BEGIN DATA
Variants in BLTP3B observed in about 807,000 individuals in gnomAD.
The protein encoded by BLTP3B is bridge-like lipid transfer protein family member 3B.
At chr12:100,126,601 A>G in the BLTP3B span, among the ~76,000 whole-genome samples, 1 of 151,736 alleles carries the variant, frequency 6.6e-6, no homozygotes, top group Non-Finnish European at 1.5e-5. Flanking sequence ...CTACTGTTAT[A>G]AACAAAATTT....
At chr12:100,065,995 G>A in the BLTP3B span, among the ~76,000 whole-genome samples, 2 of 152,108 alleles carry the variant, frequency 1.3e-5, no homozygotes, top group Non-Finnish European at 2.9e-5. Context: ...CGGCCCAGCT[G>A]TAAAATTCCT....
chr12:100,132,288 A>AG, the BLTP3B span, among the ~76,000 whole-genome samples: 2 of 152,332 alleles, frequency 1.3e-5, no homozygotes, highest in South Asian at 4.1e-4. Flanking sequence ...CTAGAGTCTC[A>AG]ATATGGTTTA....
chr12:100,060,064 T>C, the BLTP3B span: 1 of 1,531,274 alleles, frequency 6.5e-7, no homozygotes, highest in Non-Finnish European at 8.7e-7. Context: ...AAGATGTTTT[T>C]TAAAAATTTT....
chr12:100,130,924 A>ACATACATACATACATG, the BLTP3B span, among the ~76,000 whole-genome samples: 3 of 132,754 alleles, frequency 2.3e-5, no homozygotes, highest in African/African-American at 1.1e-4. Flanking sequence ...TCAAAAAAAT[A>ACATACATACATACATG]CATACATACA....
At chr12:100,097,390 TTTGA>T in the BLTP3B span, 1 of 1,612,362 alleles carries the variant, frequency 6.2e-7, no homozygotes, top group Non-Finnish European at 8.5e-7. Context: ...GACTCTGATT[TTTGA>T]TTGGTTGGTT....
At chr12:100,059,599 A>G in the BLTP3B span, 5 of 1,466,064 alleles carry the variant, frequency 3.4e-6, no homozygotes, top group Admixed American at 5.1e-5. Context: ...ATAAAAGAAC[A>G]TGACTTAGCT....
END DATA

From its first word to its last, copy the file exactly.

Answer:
Variants in BLTP3B observed in about 807,000 individuals in gnomAD.
The protein encoded by BLTP3B is bridge-like lipid transfer protein family member 3B.
At chr12:100,126,601 A>G in the BLTP3B span, among the ~76,000 whole-genome samples, 1 of 151,736 alleles carries the variant, frequency 6.6e-6, no homozygotes, top group Non-Finnish European at 1.5e-5. Flanking sequence ...CTACTGTTAT[A>G]AACAAAATTT....
At chr12:100,065,995 G>A in the BLTP3B span, among the ~76,000 whole-genome samples, 2 of 152,108 alleles carry the variant, frequency 1.3e-5, no homozygotes, top group Non-Finnish European at 2.9e-5. Context: ...CGGCCCAGCT[G>A]TAAAATTCCT....
chr12:100,132,288 A>AG, the BLTP3B span, among the ~76,000 whole-genome samples: 2 of 152,332 alleles, frequency 1.3e-5, no homozygotes, highest in South Asian at 4.1e-4. Flanking sequence ...CTAGAGTCTC[A>AG]ATATGGTTTA....
chr12:100,060,064 T>C, the BLTP3B span: 1 of 1,531,274 alleles, frequency 6.5e-7, no homozygotes, highest in Non-Finnish European at 8.7e-7. Context: ...AAGATGTTTT[T>C]TAAAAATTTT....
chr12:100,130,924 A>ACATACATACATACATG, the BLTP3B span, among the ~76,000 whole-genome samples: 3 of 132,754 alleles, frequency 2.3e-5, no homozygotes, highest in African/African-American at 1.1e-4. Flanking sequence ...TCAAAAAAAT[A>ACATACATACATACATG]CATACATACA....
At chr12:100,097,390 TTTGA>T in the BLTP3B span, 1 of 1,612,362 alleles carries the variant, frequency 6.2e-7, no homozygotes, top group Non-Finnish European at 8.5e-7. Context: ...GACTCTGATT[TTTGA>T]TTGGTTGGTT....
At chr12:100,059,599 A>G in the BLTP3B span, 5 of 1,466,064 alleles carry the variant, frequency 3.4e-6, no homozygotes, top group Admixed American at 5.1e-5. Context: ...ATAAAAGAAC[A>G]TGACTTAGCT....